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Liquid crystal templating as an approach to spatially and temporally organise soft matter

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Abstract

Chemistry quickly moves from a molecular science to a systems science. This requires spatial and temporal control over the organisation of molecules and molecular assemblies. Whilst Nature almost by default (transiently) organises her components at multiple different length scales, scientists struggle to realise even relatively straightforward patterns. In the past decades, supramolecular chemistry has taught us the rules to precisely engineer molecular assembly at the nanometre scale. At higher length scales, however, we are bound to top-down nanotechnology techniques to realise order. For soft, biological matter, many of these top-down techniques come with serious limitations since the molecules generally show low susceptibilities to the applied stimuli. A new method is based on liquid crystal templating. In this hierarchical approach, a liquid crystalline host serves as the scaffold to order polymers or assemblies. Being a liquid crystal, the host material can be ordered at many different length scales and on top of that, is highly susceptible to many external stimuli, which can even be used to manipulate the liquid crystal organisation in time. As a result, we anticipate large control over the organisation of the materials inside the liquid crystalline host. Recently, liquid crystal templating was also realised in water. This suddenly makes this tool highly applicable to start organising more delicate biological materials or even small organisms. We review the scope and limitations of liquid crystal templating and look out to where the technique may lead us.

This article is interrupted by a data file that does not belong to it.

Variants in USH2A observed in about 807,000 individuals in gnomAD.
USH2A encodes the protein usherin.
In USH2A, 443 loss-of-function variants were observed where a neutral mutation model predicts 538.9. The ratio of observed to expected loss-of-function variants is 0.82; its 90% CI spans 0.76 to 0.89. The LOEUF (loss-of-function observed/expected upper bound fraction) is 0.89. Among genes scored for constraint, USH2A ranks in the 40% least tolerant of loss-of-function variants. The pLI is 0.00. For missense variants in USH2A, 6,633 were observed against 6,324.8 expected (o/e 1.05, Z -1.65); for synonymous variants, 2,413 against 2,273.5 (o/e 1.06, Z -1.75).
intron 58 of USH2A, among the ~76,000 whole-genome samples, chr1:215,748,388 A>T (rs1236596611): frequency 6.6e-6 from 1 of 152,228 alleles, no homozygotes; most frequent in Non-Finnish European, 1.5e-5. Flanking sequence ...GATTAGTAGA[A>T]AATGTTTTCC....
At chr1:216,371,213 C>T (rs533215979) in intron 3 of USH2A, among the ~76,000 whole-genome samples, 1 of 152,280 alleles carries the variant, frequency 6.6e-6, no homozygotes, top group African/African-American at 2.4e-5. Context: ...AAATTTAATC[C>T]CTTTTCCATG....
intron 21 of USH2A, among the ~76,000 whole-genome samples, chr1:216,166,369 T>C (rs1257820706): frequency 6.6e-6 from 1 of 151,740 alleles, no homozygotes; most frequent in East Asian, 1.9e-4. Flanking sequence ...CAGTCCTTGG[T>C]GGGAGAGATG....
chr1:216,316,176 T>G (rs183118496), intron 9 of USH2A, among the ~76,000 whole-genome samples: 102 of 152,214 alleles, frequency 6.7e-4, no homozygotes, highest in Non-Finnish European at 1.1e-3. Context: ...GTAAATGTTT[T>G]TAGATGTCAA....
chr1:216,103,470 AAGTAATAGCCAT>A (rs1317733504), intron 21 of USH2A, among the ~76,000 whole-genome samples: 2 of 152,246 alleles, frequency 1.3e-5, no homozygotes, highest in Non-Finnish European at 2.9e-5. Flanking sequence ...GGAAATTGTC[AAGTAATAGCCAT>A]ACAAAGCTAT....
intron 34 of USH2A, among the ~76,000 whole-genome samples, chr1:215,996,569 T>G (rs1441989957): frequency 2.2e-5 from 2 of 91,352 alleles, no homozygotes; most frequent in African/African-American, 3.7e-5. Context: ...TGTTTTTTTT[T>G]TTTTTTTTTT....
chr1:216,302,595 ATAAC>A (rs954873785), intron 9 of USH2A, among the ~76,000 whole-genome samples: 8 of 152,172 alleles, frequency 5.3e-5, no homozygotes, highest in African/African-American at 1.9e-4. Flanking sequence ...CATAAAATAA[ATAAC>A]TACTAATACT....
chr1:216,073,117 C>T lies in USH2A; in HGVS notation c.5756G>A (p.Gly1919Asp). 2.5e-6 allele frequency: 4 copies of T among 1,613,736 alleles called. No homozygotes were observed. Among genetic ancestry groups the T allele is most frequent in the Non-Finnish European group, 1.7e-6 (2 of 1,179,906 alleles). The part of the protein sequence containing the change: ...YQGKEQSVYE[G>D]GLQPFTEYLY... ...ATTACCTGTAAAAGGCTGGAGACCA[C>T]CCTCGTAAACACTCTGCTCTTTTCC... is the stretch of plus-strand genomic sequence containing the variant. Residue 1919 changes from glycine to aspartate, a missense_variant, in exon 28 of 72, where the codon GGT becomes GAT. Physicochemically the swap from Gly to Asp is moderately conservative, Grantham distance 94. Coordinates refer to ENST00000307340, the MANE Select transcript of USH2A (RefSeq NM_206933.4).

Graphical abstract: Liquid crystal templating as an approach to spatially and temporally organise soft matter

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Publication details

The article was received on 01 Jan 2017 and first published on 24 Jul 2017


Article type: Review Article
DOI: 10.1039/C7CS00029D
Citation: Chem. Soc. Rev., 2017, Advance Article
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    Liquid crystal templating as an approach to spatially and temporally organise soft matter

    P. van der Asdonk and P. H. J. Kouwer, Chem. Soc. Rev., 2017, Advance Article , DOI: 10.1039/C7CS00029D

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